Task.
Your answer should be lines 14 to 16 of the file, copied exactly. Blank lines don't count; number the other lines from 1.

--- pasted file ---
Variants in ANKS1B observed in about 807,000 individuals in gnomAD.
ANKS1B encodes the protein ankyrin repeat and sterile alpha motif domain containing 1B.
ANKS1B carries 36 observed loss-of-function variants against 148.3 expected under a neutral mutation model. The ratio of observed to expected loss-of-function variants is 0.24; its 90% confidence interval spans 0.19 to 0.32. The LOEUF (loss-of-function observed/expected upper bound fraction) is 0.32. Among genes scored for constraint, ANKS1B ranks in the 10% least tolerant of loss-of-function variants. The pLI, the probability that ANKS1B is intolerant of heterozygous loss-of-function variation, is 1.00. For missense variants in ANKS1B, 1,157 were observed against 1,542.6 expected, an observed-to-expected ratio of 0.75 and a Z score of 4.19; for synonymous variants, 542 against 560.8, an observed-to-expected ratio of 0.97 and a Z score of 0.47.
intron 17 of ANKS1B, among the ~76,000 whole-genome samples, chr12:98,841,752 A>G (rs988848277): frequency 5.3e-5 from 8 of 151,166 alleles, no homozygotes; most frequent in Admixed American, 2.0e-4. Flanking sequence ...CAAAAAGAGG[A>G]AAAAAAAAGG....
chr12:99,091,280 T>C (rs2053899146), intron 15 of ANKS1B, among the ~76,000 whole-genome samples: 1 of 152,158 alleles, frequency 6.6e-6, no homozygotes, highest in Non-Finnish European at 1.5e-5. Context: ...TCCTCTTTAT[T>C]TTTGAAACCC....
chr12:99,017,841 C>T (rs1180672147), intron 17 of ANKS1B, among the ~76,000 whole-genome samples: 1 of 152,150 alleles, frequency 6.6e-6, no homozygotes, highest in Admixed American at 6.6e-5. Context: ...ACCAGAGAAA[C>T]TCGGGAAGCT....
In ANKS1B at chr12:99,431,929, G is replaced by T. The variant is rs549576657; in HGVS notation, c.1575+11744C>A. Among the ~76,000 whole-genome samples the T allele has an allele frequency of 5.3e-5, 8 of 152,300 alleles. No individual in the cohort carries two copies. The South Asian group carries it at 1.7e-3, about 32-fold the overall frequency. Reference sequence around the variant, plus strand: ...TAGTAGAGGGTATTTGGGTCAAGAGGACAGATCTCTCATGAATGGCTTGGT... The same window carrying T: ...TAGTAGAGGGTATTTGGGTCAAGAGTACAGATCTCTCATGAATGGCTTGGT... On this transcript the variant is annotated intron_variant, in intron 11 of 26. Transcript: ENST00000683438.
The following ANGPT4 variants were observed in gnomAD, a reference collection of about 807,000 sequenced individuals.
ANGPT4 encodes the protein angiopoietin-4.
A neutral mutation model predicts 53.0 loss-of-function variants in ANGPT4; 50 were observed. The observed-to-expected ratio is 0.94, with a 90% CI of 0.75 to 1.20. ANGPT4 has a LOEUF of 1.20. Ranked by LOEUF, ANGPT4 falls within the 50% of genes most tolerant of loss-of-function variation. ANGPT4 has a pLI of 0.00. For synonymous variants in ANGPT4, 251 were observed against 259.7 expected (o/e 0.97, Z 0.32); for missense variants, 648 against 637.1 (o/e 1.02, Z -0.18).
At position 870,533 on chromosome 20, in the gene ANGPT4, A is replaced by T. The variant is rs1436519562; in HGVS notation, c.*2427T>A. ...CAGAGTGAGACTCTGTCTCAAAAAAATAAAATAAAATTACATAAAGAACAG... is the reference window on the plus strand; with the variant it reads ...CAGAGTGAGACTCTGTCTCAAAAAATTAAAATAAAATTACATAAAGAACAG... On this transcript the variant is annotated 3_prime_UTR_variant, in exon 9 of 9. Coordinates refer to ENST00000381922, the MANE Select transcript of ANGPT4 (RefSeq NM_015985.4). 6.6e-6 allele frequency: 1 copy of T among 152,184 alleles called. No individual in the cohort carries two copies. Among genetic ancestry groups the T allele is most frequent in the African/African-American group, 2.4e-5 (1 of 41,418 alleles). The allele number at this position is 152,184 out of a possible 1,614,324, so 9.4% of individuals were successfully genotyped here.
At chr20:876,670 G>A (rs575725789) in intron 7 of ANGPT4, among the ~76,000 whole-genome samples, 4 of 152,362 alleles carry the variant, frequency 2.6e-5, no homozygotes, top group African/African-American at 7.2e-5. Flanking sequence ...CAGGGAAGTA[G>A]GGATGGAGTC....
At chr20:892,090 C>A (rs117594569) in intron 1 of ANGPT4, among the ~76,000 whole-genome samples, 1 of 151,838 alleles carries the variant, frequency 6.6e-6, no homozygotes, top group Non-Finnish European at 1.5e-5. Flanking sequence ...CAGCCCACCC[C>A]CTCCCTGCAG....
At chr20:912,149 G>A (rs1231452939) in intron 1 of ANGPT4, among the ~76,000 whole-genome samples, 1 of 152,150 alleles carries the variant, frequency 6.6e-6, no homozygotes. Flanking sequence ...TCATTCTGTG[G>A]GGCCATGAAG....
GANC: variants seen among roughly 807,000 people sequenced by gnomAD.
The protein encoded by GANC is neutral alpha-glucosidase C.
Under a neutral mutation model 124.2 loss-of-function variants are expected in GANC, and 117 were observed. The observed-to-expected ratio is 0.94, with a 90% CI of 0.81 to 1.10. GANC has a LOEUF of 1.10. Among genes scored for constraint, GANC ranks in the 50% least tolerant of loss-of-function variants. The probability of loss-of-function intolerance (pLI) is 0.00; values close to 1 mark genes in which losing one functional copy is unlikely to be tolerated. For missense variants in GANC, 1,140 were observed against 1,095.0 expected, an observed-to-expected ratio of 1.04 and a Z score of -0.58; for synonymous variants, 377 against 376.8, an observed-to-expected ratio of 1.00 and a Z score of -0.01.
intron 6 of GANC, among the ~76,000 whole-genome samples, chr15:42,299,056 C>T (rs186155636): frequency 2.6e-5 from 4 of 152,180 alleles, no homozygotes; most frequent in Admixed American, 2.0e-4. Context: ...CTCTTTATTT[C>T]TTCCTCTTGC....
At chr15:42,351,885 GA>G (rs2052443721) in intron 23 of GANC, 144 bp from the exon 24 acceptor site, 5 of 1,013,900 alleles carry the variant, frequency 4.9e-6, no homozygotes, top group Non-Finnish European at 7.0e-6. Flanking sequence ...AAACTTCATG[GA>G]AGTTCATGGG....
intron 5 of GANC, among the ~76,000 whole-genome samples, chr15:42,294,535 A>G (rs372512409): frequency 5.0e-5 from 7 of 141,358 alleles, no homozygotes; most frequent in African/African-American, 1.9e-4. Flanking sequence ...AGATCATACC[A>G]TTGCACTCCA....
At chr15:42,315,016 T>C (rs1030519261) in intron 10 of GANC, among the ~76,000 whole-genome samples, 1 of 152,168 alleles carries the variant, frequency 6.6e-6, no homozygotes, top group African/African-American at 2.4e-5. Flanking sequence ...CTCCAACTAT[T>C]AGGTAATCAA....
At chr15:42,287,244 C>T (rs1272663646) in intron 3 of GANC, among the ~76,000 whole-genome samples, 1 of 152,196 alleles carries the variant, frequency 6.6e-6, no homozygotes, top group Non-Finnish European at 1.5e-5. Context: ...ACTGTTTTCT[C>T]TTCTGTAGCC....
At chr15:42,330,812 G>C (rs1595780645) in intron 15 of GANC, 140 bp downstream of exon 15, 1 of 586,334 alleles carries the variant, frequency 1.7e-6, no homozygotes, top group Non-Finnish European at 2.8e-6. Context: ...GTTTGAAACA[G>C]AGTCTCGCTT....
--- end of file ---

At chr20:912,149 G>A (rs1231452939) in intron 1 of ANGPT4, among the ~76,000 whole-genome samples, 1 of 152,150 alleles carries the variant, frequency 6.6e-6, no homozygotes. Flanking sequence ...TCATTCTGTG[G>A]GGCCATGAAG....
GANC: variants seen among roughly 807,000 people sequenced by gnomAD.
The protein encoded by GANC is neutral alpha-glucosidase C.